Researchers discovered an innovative way to independently control two optical responses in a single-material system by utilizing the material’s phase diagram.
SIGNIFICANCE AND IMPACT
This unique combination of material, methods, and results could lead to a paradigm shift in the design of metamaterial devices that manipulate light.
Metamaterials for wave engineering
A metamaterial is an artificial material with repeating elements that enable it to reflect, transmit, or scatter waves (typically light) in ways that natural materials cannot. For example, a hypothetical “cloaking device” might be based on a metamaterial that can adaptively bend a wide spectrum of light waves around an object, making it invisible to an observer.
More pragmatically, metamaterials can be used to make lots of things—antennas, computers, batteries, solar cells—smaller and/or more efficient. The more we know about how electrons move in a material, the easier it is to engineer it into a metamaterial, where interactions between light (electromagnetic waves) and plasmons (collective electron waves) can be manipulated to produce a desired result.
Phase diagram of samarium sulfide
Samarium sulfide (SmS) is a “heavy-fermion” material whose electrons behave as if they have a large effective mass due to interactions with the crystal lattice (strongly correlated electrons). The phase diagram of SmS shows that modest pressure turns the optically black semiconductor into a golden semi-metal (intermediate valence IV state). In this phase, two distinct plasmonic resonances exist, one at visible frequencies and another at infrared (IR) frequencies. To make the SmS into a metamaterial, the researchers scratched line and grid patterns into the surface using an atomic force microscope (AFM), which created a compressive residual strain of about 1.7%.
The value of SINS
Synchrotron infrared nanospectroscopy (SINS) at ALS Beamline 5.4 was used to characterize how the tip-induced strain affected the material’s local response to far-IR light. In addition, traditional Fourier-transform infrared spectroscopy (FTIR) at Beamline 1.4 was used to characterize the response to mid-IR light, and micro-Raman spectroscopy at Beamline 5.4 characterized structural changes associated with the phase change.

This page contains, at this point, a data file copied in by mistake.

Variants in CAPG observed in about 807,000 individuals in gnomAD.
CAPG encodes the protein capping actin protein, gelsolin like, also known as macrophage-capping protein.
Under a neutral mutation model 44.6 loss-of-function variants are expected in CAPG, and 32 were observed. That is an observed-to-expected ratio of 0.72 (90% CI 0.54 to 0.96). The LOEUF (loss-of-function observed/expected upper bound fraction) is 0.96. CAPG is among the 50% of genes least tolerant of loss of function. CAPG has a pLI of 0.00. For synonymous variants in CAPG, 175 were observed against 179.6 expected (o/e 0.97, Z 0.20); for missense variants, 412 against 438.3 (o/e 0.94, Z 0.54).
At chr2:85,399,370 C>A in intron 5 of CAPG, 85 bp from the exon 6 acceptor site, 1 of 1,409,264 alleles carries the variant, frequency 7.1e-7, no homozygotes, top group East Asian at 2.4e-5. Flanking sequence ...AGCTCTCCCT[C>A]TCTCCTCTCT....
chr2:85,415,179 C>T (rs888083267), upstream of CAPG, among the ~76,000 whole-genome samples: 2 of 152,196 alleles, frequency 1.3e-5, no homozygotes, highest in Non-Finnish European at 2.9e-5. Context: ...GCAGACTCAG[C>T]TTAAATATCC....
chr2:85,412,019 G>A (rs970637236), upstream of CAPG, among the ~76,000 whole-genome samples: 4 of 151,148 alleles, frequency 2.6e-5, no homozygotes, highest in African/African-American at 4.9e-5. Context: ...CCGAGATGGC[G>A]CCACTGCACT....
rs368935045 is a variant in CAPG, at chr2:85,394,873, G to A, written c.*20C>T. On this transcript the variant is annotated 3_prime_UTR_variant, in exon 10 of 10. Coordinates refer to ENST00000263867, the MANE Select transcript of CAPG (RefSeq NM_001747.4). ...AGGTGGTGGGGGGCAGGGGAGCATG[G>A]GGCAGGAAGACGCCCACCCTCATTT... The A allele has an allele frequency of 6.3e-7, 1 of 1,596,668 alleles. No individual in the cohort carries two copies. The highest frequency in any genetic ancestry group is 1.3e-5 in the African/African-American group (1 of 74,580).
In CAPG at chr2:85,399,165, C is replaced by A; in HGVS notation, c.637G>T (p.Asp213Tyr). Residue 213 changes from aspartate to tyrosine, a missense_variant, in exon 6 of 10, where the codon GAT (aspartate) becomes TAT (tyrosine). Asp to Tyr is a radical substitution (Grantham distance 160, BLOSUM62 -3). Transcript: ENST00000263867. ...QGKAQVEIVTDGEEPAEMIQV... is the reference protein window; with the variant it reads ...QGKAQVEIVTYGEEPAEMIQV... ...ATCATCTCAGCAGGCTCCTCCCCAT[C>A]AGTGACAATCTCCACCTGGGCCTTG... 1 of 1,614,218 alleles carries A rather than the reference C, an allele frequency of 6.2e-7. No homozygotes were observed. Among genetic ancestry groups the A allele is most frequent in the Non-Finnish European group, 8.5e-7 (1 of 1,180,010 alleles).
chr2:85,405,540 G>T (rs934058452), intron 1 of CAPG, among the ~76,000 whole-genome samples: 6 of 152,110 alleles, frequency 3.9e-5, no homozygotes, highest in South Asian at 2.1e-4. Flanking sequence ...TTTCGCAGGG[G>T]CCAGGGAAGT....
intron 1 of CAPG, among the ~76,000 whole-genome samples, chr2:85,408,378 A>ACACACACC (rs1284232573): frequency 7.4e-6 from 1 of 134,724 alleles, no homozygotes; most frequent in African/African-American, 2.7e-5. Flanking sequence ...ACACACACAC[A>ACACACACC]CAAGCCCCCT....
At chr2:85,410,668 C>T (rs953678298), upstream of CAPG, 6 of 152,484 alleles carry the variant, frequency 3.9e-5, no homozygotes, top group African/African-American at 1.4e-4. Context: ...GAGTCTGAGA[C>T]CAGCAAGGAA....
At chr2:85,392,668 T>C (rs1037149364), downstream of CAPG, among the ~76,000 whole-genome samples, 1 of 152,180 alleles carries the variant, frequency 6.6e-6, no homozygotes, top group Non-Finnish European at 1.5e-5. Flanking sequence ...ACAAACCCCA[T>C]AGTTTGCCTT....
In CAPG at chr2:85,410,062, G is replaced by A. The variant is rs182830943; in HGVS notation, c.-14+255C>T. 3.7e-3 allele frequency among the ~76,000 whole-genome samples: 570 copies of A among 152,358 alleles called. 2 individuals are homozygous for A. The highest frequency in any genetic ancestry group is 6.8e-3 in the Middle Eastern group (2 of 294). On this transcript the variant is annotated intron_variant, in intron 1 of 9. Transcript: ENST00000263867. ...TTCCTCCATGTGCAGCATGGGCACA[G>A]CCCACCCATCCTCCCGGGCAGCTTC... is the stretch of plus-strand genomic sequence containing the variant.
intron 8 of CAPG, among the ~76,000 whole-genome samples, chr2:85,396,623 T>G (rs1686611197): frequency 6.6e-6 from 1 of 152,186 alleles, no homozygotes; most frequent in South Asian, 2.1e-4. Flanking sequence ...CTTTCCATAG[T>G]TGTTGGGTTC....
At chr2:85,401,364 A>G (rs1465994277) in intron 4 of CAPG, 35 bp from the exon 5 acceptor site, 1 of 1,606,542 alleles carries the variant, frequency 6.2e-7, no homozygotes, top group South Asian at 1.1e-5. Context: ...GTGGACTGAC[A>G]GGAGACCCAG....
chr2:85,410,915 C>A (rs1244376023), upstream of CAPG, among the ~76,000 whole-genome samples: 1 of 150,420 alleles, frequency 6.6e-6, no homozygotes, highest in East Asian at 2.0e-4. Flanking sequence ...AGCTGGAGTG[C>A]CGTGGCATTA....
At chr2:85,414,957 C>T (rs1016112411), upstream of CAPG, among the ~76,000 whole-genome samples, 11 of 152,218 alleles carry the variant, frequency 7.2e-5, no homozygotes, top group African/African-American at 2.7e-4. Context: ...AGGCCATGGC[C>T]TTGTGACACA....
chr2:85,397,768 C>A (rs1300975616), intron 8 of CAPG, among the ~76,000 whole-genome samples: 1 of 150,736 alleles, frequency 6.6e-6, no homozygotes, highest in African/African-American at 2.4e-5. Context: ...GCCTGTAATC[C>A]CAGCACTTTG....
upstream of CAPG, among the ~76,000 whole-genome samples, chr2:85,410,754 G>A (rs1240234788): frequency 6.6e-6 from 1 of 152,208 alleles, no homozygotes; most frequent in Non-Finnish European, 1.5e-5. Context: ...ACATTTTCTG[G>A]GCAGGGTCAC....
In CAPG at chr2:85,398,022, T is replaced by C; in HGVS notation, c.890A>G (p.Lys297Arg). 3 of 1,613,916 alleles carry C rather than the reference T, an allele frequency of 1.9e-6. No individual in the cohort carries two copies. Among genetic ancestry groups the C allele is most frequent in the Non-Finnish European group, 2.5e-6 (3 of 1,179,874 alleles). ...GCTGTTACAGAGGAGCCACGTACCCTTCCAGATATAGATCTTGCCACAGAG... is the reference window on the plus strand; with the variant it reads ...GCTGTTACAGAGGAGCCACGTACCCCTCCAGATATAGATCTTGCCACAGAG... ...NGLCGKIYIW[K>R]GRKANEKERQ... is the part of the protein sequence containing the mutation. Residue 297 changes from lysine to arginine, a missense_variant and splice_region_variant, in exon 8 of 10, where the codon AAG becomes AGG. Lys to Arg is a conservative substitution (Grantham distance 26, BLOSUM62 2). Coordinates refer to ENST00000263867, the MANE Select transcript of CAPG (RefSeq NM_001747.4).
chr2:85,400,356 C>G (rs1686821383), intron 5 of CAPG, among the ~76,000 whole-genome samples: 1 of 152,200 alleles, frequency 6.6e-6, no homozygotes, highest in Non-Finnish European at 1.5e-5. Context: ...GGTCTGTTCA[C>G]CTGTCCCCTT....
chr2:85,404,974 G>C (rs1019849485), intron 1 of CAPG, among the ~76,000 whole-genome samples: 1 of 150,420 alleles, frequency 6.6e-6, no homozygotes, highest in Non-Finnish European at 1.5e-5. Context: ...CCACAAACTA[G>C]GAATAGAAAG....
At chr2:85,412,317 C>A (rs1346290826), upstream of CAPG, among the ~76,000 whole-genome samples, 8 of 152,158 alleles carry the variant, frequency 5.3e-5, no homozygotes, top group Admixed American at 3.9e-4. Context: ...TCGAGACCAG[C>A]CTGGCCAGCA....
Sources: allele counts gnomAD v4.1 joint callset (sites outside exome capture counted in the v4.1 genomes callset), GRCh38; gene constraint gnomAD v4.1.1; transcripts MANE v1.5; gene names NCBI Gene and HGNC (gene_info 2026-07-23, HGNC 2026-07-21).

The SINS technique in particular was critical to the success of this work. Its state-of-the-art broadband IR near-field microscope, which offers 10 nm spatial resolution at the far-IR frequency range, enabled the researchers to verify the existence of the plasmonic resonances (IR and visible). It also enabled the discovery of shifting electron–hole (exciton) energies as the bandgap narrowed with applied pressure. The technique is sensitive enough to determine that the material was in an intermediate valent state rather than a fully metallic state.
Tuning-knobs and off-switches
Substituting yttrium (Y) for a fraction of the Sm demonstrated the ability to tune the strain-engineered IR response through doping. With increasing yttrium doping, the far-IR resonance essentially disappears. Other tests showed that the visible resonance can be tuned separately by tip-induced strain or temperature increases. This ability to turn off the susceptibility of the IR resonance to pressure while maintaining or strengthening the visible resonance shows promise for ultra-broadband plasmonic devices.
The researchers plan to investigate similar materials to see which systems offer improved functionalities for device applications. Ultimately, they hope that this work opens up a new branch of adaptive plasmonic devices based on utilizing the phase diagrams of correlated-electron systems.
Contact: Mengkun Liu
Researchers: S.N. Gilbert Corder, X. Chen, J. Zhang, J.A. Logan, T. Ciavatti, and M. Liu (Stony Brook Univ.); S. Zhang and T.H. Tao (Univ. of Texas at Austin); F. Hu, Y. Luan, and Z. Fei (Iowa State Univ.); H.A. Bechtel and M.C. Martin (ALS); M. Aronson (Texas A&M Univ.); H.S. Suzuki (National Institute for Materials Science, Japan); S. Kimura and T. Iizuka (Institute for Molecular Science, Japan); K. Imura (Institute for Molecular Science and Nagoya Univ., Japan); and N.K. Sato (Nagoya Univ.).
Funding: Ministry of Education, Culture, Sports, Science and Technology, Japan; Japan Society for the Promotion of Science; National Science Foundation; and U.S. Army Research Office. Operation of the ALS is supported by the U.S. Department of Energy, Office of Science, Basic Energy Sciences Program (DOE BES).
Publication: S.N. Gilbert Corder, X. Chen, S. Zhang, F. Hu, J. Zhang, Y. Luan, J.A. Logan, T. Ciavatti, H.A. Bechtel, M.C. Martin, M. Aronson, H.S. Suzuki, S. Kimura, T. Iizuka, Z. Fei, K. Imura, N.K. Sato, T.H. Tao, and M. Liu, “Near-field spectroscopic investigation of dual-band heavy fermion metamaterials,” Nat. Commun. 8, 2262 (2017), doi:10.1038/s41467-017-02378-3.
ALS SCIENCE HIGHLIGHT #371